The brothels of Sonagachi wear a deserted look. Asia’s biggest red light area in Kolkata has seen a sharp decline in customers ever since the Covid-19 pandemic spread its tentacles across the country.
Scared of being infected by the Novel Coronavirus, clients no longer find it safe to visit Sonagachi. This means its over 10,000 sex workers have practically no work and the children are going hungry with their mothers. Many who could no longer afford to pay rent have moved back to their village but some stayed on, with the dimming hope that the situation will improve.
Dr Smarajit Jana, an epidemiologist who works with the Durbar Mahila Samanwaya Committee, a collective that fights for the rights of sex workers says, “Around 35% of the women have left. The West Bengal government is providing dry rations but not all of them have the ration cards they need.”
Jana says that when cyclone Alia battered West Bengal in 2016, women from flood-affected areas had moved to Sonagachi. “There was no work in their villages and they were close to starvation. Now, even though cyclone Amphan has wreaked havoc on a large part of West Bengal, the women have been forced to remain home. For one, trains are not running. Many are close to starvation, but they are also scared of getting Covid-19,” says Jana.
Twenty eight year old Mamata moved to Sonagachi after cyclone Alia. “These days I consider myself lucky if I get one customer,” she says. She does not have a ration card but hopes the Samanwaya Committee will help her get one made.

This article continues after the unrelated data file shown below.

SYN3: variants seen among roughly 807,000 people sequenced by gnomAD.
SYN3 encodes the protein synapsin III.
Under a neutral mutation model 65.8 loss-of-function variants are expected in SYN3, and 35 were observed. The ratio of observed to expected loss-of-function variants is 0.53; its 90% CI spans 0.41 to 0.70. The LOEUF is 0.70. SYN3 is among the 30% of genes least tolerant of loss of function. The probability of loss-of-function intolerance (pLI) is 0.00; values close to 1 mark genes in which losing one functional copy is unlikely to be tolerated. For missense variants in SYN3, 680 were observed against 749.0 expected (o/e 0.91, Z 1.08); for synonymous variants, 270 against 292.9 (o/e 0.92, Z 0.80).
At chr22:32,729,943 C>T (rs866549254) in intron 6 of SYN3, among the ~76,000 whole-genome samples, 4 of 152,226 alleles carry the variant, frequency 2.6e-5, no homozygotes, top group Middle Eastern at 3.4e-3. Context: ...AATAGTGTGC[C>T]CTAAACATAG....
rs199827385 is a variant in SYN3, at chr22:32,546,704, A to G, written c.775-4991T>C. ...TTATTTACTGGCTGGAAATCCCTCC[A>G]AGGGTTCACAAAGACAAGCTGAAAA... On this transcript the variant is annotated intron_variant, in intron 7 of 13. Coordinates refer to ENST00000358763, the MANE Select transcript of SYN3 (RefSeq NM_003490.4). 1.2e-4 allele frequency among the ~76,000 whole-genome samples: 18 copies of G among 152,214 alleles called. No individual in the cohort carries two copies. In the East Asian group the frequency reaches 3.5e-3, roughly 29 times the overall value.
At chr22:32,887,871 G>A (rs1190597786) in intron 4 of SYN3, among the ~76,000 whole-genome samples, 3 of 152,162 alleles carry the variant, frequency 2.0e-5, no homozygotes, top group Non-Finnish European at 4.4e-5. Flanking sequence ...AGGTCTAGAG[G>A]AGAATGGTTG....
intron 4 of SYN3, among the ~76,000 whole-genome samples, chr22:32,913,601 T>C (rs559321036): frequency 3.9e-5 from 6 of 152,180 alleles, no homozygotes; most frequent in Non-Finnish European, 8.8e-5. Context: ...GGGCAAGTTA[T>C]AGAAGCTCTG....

Tinku Khanna, director, Apne Aap Women Worldwide (India), a grassroots organisation working with women and children in the South 24 Parganas district, says adolescent girls are particularly vulnerable in the prevailing circumstances. Many are lured by young men into pornography or other rackets with small gifts like a mobile phone. “Online porn material has started spreading in West Bengal in a big way. Ultimately, many of these girls end up trafficked,” Khanna says. Meanwhile, the women in Sonagachi are struggling to raise money for rent. “The state government should have come up with some exit strategy for them by now,” Khanna says.
Thousands of families hit by Amphan have seen their fields overrun by salt water from the brackish water of the Bay of Bengal. This year’s heavy monsoon has confined them to ramshackle shelters under tarpaulin sheets. These destitute families have started marrying their minor daughters off to get a little money. Rishi Kant runs the NGO Shakti Vahini which is trying to curb sex trafficking. He says, “Already, 138 complaints of child marriage have been received by West Bengal’s state commission for the protection of child rights,” says Kant.
The state commission runs a Childline helpline service which has prevented 114 such marriages, but not a single FIR has been registered against those involved. Kant, who works closely with organisations in the state believes that child marriages will go underground for a few months. Once the lockdown ends and train services resume, many of the married off minor girls will be taken out of the state.
“The parents of these 14 or 15-year-old girls feel it is better to “sell” her and have one less mouth to feed,” says Kant, who cautions that during the build-up to Durga Puja, large numbers of girls will end up trafficked.